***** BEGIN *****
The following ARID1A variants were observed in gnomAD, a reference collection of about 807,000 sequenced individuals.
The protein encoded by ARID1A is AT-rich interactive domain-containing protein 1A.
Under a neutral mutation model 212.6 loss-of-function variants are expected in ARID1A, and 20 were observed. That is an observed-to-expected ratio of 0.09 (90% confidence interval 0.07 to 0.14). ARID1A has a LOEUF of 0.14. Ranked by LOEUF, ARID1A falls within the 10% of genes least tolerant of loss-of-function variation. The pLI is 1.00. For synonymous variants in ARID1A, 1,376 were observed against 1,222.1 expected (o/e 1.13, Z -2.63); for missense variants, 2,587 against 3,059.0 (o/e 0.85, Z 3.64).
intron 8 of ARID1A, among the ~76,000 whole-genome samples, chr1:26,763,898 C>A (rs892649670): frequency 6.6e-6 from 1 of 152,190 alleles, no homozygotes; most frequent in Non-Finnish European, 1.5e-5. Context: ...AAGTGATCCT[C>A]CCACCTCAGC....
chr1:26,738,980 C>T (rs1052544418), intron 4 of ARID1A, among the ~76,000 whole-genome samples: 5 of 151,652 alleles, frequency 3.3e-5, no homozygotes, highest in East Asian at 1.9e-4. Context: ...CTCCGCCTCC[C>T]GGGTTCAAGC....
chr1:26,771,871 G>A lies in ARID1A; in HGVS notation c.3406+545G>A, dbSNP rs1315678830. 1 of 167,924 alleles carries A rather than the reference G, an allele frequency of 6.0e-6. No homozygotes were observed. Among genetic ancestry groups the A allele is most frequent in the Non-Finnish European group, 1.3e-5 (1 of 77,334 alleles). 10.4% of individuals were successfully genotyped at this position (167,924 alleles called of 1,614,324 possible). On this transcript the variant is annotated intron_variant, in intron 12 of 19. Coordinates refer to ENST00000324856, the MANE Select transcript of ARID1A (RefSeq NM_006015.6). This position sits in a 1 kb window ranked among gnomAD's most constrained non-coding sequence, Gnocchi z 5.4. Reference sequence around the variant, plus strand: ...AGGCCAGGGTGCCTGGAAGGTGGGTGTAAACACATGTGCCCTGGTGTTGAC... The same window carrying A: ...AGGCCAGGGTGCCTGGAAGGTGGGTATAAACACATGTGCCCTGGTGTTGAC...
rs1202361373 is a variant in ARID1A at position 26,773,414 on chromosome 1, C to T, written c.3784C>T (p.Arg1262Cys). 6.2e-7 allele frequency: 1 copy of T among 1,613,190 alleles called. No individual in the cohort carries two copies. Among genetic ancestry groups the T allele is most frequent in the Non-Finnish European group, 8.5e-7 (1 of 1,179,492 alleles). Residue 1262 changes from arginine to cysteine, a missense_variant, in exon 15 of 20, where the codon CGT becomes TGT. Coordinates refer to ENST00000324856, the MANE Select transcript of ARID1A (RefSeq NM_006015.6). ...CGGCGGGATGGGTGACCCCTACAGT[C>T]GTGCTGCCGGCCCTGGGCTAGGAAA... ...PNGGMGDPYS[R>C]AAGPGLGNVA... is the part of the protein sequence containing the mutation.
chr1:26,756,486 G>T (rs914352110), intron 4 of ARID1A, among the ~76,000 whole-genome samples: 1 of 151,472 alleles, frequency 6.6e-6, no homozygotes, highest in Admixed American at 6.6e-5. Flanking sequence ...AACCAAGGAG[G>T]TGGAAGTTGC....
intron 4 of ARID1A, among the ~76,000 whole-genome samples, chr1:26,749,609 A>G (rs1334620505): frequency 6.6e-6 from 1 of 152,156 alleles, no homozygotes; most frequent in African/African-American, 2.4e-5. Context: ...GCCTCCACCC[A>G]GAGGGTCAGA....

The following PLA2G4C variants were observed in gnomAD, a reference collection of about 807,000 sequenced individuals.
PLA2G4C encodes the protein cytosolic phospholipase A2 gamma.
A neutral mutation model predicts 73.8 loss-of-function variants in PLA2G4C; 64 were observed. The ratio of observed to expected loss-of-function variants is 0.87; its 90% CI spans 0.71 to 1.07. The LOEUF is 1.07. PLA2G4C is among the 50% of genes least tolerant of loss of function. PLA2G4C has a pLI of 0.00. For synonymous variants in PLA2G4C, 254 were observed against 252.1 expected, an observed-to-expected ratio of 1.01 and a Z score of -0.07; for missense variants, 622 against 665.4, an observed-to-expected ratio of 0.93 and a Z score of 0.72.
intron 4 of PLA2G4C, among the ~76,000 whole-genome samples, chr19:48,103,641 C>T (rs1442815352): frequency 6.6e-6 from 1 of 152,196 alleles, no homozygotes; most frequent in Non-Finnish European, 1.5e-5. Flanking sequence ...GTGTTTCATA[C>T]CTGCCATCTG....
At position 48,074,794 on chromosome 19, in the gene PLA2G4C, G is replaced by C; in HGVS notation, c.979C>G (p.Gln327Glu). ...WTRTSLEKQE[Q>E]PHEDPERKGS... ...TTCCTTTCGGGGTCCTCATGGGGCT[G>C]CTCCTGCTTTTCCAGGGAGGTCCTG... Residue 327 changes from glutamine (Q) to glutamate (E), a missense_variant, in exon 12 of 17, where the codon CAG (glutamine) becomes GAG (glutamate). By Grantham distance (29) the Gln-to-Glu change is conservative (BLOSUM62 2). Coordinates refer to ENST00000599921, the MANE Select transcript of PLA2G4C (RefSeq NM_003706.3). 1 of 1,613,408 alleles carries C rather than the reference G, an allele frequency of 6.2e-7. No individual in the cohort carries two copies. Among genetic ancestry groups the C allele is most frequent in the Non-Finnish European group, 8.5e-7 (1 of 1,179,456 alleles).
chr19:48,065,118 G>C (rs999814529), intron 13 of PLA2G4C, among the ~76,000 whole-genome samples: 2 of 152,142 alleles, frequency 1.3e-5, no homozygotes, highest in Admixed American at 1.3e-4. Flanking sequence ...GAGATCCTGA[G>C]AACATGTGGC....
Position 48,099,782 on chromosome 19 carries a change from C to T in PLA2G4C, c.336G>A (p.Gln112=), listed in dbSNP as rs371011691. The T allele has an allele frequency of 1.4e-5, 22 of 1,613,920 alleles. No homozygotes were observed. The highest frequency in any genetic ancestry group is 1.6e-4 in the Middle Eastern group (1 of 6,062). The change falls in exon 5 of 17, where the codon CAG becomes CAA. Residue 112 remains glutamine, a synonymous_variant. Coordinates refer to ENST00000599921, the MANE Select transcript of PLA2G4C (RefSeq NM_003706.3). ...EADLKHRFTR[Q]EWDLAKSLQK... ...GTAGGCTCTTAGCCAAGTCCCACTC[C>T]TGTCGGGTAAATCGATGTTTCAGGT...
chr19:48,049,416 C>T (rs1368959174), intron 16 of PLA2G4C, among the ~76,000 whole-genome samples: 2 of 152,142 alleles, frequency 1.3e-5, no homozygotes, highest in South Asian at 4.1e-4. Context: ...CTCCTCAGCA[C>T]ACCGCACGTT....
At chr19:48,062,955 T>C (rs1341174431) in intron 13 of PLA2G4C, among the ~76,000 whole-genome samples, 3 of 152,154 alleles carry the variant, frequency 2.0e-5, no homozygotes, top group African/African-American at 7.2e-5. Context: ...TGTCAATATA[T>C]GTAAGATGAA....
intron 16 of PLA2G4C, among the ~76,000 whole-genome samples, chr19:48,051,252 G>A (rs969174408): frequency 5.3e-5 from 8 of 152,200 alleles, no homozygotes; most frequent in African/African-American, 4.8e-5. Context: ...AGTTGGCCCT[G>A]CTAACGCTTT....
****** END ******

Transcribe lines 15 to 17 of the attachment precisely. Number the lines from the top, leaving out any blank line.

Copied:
chr19:48,065,118 G>C (rs999814529), intron 13 of PLA2G4C, among the ~76,000 whole-genome samples: 2 of 152,142 alleles, frequency 1.3e-5, no homozygotes, highest in Admixed American at 1.3e-4. Flanking sequence ...GAGATCCTGA[G>C]AACATGTGGC....
Position 48,099,782 on chromosome 19 carries a change from C to T in PLA2G4C, c.336G>A (p.Gln112=), listed in dbSNP as rs371011691. The T allele has an allele frequency of 1.4e-5, 22 of 1,613,920 alleles. No homozygotes were observed. The highest frequency in any genetic ancestry group is 1.6e-4 in the Middle Eastern group (1 of 6,062). The change falls in exon 5 of 17, where the codon CAG becomes CAA. Residue 112 remains glutamine, a synonymous_variant. Coordinates refer to ENST00000599921, the MANE Select transcript of PLA2G4C (RefSeq NM_003706.3). ...EADLKHRFTR[Q]EWDLAKSLQK... ...GTAGGCTCTTAGCCAAGTCCCACTC[C>T]TGTCGGGTAAATCGATGTTTCAGGT...
chr19:48,049,416 C>T (rs1368959174), intron 16 of PLA2G4C, among the ~76,000 whole-genome samples: 2 of 152,142 alleles, frequency 1.3e-5, no homozygotes, highest in South Asian at 4.1e-4. Context: ...CTCCTCAGCA[C>T]ACCGCACGTT....